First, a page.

But in my mids, I was working on a short story. I made a soell quick decisions about it and I suddenly thought, it’s happening, I’ve taken off the brakes. I’d had that with the poetry, but with prose I’d always somehow felt as if I were standing in my own way. I knew it wouldn’t be about me, because I’d done that with those two novels in my 20s. I wanted to write about a particular person, a particular time, a particular place.
Zennor in Darkness deals with the period from during which Lawrence and his German wife, Frieda, rented a cottage on a clifftop on dunmkre Cornish coast. The setting was idyllic, but the experience was, by all accounts, extremely trying: Lawrence, who was writing Women in Lovemay or may not have been having a relationship with a nearby farmer; the couple were persecuted by the locals, and finally ousted by the armed forces on account of Frieda’s suspicious dnmore.
He’s like Updike in a way: Did it spfll chutzpah, to put words in the mouth of one of her literary heroes? Not really, she says: The details intrigued me: Lawrence creating a garden, growing things like salsify, getting in tons of manure.
He knew how to do practical things — the ironing, the washing — and his combination of day-to-day good sense and the life of the mind fascinated me. I felt there were some interesting things about that particular period and about what turned him against England. Happily, the judges of the McKitterick prize given to a first novel by an author over 40 agreed. Dunmore won it, Penguin immediately offered her a two-book deal, and after that the fiction, which had taken so long to surface, poured forth — a novel annually for the next four years.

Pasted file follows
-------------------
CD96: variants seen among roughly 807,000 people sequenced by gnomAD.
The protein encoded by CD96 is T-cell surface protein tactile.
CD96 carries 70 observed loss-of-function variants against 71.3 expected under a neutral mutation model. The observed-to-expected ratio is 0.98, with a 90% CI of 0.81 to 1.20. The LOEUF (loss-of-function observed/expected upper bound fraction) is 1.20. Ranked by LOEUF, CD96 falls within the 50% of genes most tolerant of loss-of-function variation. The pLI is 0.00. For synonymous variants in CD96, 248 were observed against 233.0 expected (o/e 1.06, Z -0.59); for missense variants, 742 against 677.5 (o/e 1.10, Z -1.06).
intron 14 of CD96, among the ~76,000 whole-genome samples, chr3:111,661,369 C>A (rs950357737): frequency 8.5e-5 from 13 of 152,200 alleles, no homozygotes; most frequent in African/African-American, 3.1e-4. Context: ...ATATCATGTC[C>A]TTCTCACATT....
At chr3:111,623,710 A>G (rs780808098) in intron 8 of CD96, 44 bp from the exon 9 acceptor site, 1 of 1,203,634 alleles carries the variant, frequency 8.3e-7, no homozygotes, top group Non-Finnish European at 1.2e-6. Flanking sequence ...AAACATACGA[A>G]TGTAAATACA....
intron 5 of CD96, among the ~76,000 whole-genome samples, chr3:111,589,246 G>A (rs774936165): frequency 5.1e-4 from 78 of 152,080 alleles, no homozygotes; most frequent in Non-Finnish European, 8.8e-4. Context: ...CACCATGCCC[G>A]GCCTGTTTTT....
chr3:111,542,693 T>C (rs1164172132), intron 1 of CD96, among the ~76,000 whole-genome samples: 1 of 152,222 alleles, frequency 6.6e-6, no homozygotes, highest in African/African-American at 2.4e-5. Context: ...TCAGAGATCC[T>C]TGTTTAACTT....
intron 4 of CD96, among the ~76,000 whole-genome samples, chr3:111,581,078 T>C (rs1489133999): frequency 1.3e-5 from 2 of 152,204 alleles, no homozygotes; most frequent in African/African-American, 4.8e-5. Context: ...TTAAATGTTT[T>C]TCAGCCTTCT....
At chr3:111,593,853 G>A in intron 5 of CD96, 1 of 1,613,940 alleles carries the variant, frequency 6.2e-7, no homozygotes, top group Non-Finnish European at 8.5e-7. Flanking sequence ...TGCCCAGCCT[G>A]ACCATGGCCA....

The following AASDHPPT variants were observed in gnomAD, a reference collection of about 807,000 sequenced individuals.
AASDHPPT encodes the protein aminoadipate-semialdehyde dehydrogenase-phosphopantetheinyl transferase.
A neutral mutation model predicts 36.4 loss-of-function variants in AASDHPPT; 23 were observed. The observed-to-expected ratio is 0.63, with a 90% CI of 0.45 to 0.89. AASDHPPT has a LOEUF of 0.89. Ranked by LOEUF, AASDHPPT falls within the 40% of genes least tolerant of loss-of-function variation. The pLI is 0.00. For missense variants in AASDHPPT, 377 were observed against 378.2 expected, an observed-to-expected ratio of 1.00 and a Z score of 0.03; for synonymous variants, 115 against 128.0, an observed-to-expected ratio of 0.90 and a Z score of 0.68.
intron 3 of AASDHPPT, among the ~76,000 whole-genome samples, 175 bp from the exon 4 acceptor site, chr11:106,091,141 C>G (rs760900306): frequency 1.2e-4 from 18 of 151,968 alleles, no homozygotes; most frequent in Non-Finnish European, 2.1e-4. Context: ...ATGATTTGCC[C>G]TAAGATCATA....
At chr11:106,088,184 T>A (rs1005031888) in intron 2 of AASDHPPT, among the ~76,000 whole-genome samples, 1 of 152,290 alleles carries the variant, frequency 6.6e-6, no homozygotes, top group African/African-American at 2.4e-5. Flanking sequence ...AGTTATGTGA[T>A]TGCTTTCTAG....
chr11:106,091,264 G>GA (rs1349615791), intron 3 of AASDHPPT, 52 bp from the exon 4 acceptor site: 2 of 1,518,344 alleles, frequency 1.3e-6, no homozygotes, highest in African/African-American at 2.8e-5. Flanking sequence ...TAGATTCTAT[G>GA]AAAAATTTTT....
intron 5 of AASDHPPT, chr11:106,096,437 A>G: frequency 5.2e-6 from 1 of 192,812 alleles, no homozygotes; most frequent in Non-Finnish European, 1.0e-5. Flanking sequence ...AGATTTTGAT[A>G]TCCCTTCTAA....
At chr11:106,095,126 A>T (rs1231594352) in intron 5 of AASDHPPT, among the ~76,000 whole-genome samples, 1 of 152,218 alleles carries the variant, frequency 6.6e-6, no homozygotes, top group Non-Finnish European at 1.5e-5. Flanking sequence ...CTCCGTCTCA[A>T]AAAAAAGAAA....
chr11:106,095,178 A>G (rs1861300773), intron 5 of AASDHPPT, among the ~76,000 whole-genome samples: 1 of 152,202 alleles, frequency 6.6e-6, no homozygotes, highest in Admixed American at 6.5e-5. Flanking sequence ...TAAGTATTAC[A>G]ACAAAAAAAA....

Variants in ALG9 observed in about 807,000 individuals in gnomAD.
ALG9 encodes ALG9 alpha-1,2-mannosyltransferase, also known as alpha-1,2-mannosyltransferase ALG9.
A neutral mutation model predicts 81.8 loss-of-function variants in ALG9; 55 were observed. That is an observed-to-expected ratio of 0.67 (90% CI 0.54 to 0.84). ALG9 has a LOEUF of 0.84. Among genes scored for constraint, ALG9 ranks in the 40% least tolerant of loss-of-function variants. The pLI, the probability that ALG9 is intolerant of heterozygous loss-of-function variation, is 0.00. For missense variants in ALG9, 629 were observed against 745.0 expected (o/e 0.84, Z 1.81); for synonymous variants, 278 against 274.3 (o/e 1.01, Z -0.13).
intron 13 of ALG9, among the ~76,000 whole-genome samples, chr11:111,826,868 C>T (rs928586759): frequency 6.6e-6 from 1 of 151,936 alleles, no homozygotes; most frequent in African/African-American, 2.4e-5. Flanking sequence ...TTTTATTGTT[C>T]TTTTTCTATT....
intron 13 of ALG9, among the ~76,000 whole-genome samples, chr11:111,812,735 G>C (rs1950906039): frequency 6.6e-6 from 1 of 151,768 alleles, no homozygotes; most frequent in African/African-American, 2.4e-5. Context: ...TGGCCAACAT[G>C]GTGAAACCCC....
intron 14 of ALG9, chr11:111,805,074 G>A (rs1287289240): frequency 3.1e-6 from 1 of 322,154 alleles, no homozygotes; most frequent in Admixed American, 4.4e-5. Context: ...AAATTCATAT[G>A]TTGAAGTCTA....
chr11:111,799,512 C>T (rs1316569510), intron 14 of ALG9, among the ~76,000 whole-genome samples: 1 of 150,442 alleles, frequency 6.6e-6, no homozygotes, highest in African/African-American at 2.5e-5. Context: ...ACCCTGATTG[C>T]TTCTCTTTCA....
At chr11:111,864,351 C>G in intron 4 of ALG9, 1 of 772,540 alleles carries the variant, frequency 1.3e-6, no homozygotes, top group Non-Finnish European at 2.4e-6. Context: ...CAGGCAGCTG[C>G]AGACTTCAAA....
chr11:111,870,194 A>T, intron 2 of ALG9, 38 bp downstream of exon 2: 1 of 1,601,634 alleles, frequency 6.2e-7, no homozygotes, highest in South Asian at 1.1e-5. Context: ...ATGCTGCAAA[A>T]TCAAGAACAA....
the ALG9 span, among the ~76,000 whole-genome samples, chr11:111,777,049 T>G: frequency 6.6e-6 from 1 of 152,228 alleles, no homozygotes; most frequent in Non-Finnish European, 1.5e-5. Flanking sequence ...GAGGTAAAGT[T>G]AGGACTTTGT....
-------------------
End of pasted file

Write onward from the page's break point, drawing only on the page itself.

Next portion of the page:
Her third, A Spell of Winterwhich she wrote while pregnant with her daughter, won the first Orange prize in Was Dunmore concerned about being at the centre of the storm; about having her gender called so publicly to attention? I’ll tell you what impressed me about it: Had they done it in a half-hearted way I think it would have fizzled out, but they didn’t. It was a huge vote of confidence. We have our social rituals and literary prizes are one of them.
The move into adult fiction in no way derailed her desire to write for children; in fact, she says, “It’s something that’s actually become more important in the last half-dozen years. Children are a completely different audience, and I enjoy that. There’s something about the way they devour books that’s wonderful; you don’t get many fans of adult fiction sending you beautiful drawings of your characters. And it frees you to layer on the suspense and narrative drama — to create lots of worlds, real and unreal, and move into them.
But at the same time, it’s just the same as adult fiction in terms of the emotions. It’s not milk and water. All these different disciplines — fiction, poetry, short stories she’s published four collections to datechildren’s novels — do they come from the same place? I know this is a novel and this is a poem, or a short story. How and why I’m not sure, but it’s always blindingly clear. Her National Poetry Competition win has paved the way, after a four-year hiatus, for a new collection.
But now there’s a nucleus there; it’s beginning to form.
A Spell of Winter
I’ve noticed, in the course of a writing life, that sometimes it’s better to wait than to force the issue. This idea that people must be producing all the time can be a terrible burden. That’s something from which working in several forms releases you.